Saturday, 31 May 2014

Iceland 28: The Golden Circle (part 3)

The final leg on our "Golden Triangle" tour was Gullfoss, one of the largest waterfalls in Iceland.  Again the car park was absolutely heaving, so we decided not to spend too much time here.

The falls were, indeed, very impressive; but the gift shop was something else.  In addition to the inevitable "Ice-Tat" which we'd found absolutely everywhere, there were also fox-pelts plus seal and reindeer skins.  It reminded me rather of the bearskin coat and fox stole which used to be my grandmother's pride and joy.  The window display showed what the well-dressed Icelandic woman is wearing (although, presumably, it gets a bit nippy in the Winter).

Eventually we'd had enough and headed away from the falls and back towards Hveragerdi.  Rather than going straight to the hotel we explored the town a bit, driving up to the golf course which had steam vents as natural hazards.  We then went to the information centre and earthquake "museum" (closing and closed, respectively) and a handicraft shop (also closed).  By this point we couldn't face visiting the "Bonus Pig" supermarket, so went back to the hotel to download pictures.

Having effectively missed lunch we were getting hungry so went to the "Kjot & Kunst" which specialised in cooking all its food in geothermal ovens.  The earth bread was excellent (shaped like a muffin) and both our fish dishes were very good indeed.  It was staggeringly expensive for what it was, though - the most expensive meal of our entire stay in Iceland.  Still, like the thermal baths in Myvatn, we just had to do it.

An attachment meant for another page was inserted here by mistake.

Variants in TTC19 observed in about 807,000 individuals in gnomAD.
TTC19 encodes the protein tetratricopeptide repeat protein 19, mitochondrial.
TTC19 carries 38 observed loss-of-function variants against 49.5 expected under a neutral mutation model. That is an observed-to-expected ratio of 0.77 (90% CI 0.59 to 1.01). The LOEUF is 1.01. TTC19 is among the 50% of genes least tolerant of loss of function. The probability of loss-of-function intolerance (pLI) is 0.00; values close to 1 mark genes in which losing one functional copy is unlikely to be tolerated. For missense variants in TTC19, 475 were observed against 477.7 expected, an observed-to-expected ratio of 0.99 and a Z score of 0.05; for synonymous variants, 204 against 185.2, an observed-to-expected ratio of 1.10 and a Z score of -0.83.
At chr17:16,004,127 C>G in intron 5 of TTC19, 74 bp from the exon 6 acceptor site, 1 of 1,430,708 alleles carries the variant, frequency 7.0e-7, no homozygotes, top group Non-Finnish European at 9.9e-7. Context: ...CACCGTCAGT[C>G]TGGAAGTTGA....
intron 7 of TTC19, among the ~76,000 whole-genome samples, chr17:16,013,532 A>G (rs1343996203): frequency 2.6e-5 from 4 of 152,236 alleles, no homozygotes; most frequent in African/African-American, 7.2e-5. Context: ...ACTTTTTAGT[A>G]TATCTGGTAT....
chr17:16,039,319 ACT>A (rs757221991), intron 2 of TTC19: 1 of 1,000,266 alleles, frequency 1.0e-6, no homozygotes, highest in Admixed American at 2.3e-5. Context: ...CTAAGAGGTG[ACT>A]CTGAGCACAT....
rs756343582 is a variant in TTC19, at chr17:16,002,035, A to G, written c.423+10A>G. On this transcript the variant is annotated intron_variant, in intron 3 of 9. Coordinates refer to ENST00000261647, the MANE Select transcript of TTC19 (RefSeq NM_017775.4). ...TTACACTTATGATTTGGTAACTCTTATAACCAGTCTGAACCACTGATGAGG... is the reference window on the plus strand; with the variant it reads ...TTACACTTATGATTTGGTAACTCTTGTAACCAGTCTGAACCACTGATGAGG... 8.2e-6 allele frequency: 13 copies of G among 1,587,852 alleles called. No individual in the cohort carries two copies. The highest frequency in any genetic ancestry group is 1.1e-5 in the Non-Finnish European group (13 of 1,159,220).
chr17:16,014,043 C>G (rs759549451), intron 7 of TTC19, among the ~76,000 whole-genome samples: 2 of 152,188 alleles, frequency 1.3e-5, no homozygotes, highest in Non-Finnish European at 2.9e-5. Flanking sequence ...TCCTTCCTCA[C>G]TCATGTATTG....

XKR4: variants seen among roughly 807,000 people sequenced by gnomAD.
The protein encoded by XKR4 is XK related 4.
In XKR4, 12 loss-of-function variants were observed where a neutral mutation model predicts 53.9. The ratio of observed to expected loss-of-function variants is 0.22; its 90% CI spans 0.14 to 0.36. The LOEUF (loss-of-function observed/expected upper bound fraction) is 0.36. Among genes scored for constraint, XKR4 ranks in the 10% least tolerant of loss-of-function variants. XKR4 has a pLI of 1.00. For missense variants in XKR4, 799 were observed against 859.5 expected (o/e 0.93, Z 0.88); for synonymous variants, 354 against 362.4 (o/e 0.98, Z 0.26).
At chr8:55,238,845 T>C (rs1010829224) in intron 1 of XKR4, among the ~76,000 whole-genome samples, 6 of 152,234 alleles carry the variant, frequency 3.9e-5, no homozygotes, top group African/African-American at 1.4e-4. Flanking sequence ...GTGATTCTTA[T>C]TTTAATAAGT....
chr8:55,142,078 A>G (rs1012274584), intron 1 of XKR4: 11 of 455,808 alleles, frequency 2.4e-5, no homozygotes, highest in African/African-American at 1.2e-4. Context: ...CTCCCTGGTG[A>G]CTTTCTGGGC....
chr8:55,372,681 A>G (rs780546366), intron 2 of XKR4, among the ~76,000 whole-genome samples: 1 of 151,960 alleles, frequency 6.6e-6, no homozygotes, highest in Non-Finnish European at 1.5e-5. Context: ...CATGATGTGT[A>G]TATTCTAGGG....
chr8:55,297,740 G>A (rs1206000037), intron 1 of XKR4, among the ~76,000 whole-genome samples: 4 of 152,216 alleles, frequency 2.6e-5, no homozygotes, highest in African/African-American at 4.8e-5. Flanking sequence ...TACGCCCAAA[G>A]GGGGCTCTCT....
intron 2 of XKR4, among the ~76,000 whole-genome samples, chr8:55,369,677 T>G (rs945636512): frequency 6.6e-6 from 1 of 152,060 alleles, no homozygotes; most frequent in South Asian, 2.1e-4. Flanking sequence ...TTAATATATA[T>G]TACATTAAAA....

The final highlight of the day was "Futtock Jumping" (actually called "tussock jumping" in the guide book).  At this particular attraction it was possible to leap from one artificial and brightly coloured mole hill to another in what looked like a children's play area.  A bit of innocent fun, though, and I have the pictures to prove it!

By the way, the final picture is my one and only "selfie" from the trip...

Thursday, 29 May 2014

Iceland 27: The Golden Circle (part two)

We left the park and followed the signposts to Geysir - the eponymous location which has given its name to all areas which spout boiling water into the air.  On the way we stopped at a service station, but decided not to sample the "traditional" Icelandic fare on offer.

The rain came and went, but by the time we arrived at Geysir it was dry again.  The car park was absolutely full, as this is one of the main tourist attractions in the area.  For the first time since we arrived in Iceland it was also clear that there were plenty of English voices to be heard.  The boiling pools and spouting geyser were absolutely stunning, although there were lots of people milling around them the entire time.

Lots of people (including us) spent several minutes waiting around with increasingly aching arms (from holding cameras) while waiting for Geysir to spout.  It was fairly chaotic in both its timing and its magnitude, but that made it more interesting.  There wasn't very much in the way of "health & safety" either, as it was possible to stand very close to the huge spout of boiling water - so close, in fact, that those downwind got drenched.

I took a series of pictures during one of the eruptions, and made a video slideshow which demonstrates what it looks like approximately in real time.  YouTube doesn't appear to have support for "portrait" videos, unfortunately, so the thumbnail it shows is rubbish.  Hopefully the video sequence itself is worth seeing, however.